The Panama Canal celebrates one hundred years on August 15, 2014.
What do we know of the canal that connects the two largest oceans of the world?
The canal is “about 80 km (50 miles) long and 150 m (490 feet) wide, across the isthmus of Panama, connecting the Atlantic and Pacific Oceans” (Oxford Reference). The waterway connects to 144 maritime routes from over 80 countries each week (Embassy of the United States, Panama).
What is a Canal?
A canal is a waterway that has been excavated and connects sea routes. The Panama Canal and Suez Canal are the two most important waterways in the world. The Panama Canal is located in Central America and extends from Limon Bay to the Gulf of Panama. It is the busiest canal in the world. Each year more than ten thousand vessels cross it. The Suez Canal is located between Port Said, Egypt, and the Gulf of Suez and allows ships sailing between the Mediterranean and Red Seas, thus shortening the sea route between Europe and Asia (World Book).
The Panama Canal is a key point in promoting world trade and saves users significant travel time through the Americas (IIP Digital). More than 1 million vessels with a total load of more than 9 billion tons have traveled the Canal (Annual Report 2013 (PDF Format)). The Panama Canal has been the longest and most expensive construction project in the history of the world. The process of building the Canal was done in two stages. The project was initiated by the French from 1881 to 1888. It was then continued and successfully completed by the Americans in August 15, 1914 (Gale World History in Context). Many workers from around the world came to the isthmus to build the Canal (American Experience).
The twenty-sixth president of the United States, Theodore Roosevelt, negotiated, supervised and authorized the purchase and construction of a canal through the isthmus of Panama through the Hay-Bunau-Varilla treaty, signed on 18 November 1903 (Embassy of the United States, Panama).
For many, the Panama Canal was certainly a dream come true. Columbus himself was looking for a way to reach the Pacific through the narrow isthmus of Central America. For centuries, monarchs, presidents, explorers and entrepreneurs - all struggled to find such a passage, knowing that whoever controls it could exert unparalleled power over world trade, and therefore the fate of nations. (Panama Fever).
Works presented below tell the story of its construction. Panama Fever is one of the first books that tell the story of this powerful project that lasted almost 30 years. Diaries, memoirs, letters and other contemporary reports narrate the experience of those who built the canal, including the political and business personalities that influenced the international diplomacy, and workers worldwide who rushed to take the opportunity of high wages and thus also to be part of history (American Experience).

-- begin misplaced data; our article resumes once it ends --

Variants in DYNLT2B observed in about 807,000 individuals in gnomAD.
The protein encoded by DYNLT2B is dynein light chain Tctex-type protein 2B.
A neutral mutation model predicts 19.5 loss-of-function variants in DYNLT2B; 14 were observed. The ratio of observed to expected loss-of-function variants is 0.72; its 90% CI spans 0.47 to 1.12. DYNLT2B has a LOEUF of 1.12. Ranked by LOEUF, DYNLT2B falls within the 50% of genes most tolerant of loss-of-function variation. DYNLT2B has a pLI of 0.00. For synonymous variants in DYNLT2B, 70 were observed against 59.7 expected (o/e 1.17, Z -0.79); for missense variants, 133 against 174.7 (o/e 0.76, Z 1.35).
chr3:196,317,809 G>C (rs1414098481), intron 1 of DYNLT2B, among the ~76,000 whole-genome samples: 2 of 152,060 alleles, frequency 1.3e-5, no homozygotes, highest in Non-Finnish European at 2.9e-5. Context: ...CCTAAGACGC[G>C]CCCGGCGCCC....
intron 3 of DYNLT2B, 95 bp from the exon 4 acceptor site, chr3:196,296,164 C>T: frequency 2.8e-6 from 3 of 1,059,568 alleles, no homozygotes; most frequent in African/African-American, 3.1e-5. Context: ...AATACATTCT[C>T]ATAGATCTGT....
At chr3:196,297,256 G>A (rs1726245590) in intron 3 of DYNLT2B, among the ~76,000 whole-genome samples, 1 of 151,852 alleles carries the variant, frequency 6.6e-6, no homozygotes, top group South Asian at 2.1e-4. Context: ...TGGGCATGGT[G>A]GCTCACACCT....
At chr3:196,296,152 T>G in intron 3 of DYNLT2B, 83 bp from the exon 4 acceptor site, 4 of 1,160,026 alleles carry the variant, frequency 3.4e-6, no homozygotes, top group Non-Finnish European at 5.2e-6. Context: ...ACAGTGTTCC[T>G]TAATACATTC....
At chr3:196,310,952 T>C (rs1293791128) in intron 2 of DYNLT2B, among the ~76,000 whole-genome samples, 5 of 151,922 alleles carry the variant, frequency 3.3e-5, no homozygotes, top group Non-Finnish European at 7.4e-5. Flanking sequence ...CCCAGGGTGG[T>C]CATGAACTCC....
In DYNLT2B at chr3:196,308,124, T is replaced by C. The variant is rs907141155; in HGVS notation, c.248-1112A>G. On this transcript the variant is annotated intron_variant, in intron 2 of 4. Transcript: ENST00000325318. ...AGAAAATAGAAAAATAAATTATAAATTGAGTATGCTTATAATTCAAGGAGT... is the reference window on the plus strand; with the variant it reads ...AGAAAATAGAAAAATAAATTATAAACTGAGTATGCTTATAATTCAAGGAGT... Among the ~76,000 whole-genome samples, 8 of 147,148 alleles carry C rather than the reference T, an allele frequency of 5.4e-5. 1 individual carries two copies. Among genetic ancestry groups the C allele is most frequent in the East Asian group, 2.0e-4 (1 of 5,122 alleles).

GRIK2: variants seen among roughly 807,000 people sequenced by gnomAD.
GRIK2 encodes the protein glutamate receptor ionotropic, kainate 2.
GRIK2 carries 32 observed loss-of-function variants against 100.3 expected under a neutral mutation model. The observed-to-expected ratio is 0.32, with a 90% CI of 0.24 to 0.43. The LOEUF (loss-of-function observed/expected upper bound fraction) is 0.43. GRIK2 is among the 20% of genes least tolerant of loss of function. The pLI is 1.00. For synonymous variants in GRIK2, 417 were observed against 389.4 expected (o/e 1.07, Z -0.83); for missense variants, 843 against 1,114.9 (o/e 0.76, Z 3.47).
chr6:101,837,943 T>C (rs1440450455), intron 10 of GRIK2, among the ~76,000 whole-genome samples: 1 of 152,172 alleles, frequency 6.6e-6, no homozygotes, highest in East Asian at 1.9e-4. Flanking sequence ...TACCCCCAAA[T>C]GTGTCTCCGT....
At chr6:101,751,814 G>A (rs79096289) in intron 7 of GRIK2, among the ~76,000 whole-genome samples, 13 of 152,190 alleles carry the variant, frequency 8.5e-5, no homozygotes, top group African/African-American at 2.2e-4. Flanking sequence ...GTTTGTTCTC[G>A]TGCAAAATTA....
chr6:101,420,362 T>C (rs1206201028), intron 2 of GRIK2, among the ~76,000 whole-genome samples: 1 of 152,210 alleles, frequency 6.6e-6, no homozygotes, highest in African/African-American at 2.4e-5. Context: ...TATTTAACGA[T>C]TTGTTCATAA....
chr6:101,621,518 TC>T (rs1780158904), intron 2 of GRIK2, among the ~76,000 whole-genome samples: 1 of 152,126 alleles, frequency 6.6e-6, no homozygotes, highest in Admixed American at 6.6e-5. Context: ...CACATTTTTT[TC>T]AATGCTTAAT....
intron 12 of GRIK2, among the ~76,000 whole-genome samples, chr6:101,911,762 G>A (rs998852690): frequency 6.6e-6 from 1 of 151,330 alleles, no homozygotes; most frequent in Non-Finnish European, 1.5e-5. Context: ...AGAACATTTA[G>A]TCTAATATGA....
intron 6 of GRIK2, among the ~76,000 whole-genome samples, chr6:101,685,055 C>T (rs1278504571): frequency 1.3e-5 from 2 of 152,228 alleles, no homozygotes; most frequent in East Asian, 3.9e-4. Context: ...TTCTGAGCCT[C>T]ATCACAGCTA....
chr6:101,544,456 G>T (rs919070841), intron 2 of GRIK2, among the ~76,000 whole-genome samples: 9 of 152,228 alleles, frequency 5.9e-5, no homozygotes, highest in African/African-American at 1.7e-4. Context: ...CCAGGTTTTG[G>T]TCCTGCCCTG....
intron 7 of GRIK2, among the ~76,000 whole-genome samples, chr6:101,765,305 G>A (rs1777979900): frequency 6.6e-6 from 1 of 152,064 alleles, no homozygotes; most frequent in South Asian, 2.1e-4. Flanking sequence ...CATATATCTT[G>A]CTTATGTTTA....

However, literature also recounts the harsh reality of Panama. This massive construction job cost many lives. Thousands of workers succumbed to various diseases, such as dysentery, yellow fever and malaria. They also had to fight various calamities caused by extreme climate conditions, such as the blistering heat, torrential rains, and fatal landslides (Panama Canal: Gateway to the American Century).
Learn more about this great Canal, considered one of the seven wonders of the modern world through the range of information available for adults, teens and children:
Building the Panama Canal by Sylvia Engdahl
Presents differing viewpoints on the history of, and controversies surrounding, the Panama Canal, and features four personal narratives about its construction and the displacement of natives that resulted from it. Reference work only available at the research library: Stephen A. Schwarzman. For adults and young adults.
Panama by Byron Augustin
This Central American nation, linking the North and South America, the Pacific and Atlantic oceans, is also the melting pot of races and cultures. It also possesses precious gifts of our natural world with unique mixing of species. For children.
Panama by Dana Meachen Rau
Provides an overview of the geography, history, and culture of the small North American country that touches two oceans and links two continents. For children.
Panama Canal by Margaret Hall
Explore the building of the Panama Canal and America's involvement through engaging text and detailed illustrations. For children.
Panama Canal: Gateway to the American Century
Detailed documentary uses photographs and footage, interviews with canal workers, and firsthand accounts of life in the Canal Zone to tell story of how the Panama Canal opened on August 15th, 1914, connecting the world's two largest oceans and creating “one of the world's most significant technological achievements.” For adults.
The Panama Canal by Heather Miller
"Describes the struggles and accomplishments in building the Panama Canal. Includes glossary, websites, and bibliography for further reading." Cover. For children.
The Panama Canal by Elizabeth Mann
Relates the history of how the Panama Canal was planned and built, including the political, international, and health aspects of getting the project finished on time. For children.
Panama Fever by Matthew Parker
“The Epic Story of One of the Greatest Human Achievements of All Time--the Building of the of the Panama Canal.” Cover. For adults.
Silver People: Voices From the Panama Canalby Engle, Margarita
A fictionalized account of the Panama Canal. Fourteen-year-old Mateo and other Caribbean islanders face discrimination, segregation, and harsh working conditions when American recruiters lure them to the Panamanian rain forest in 1906 to build the great canal. For children.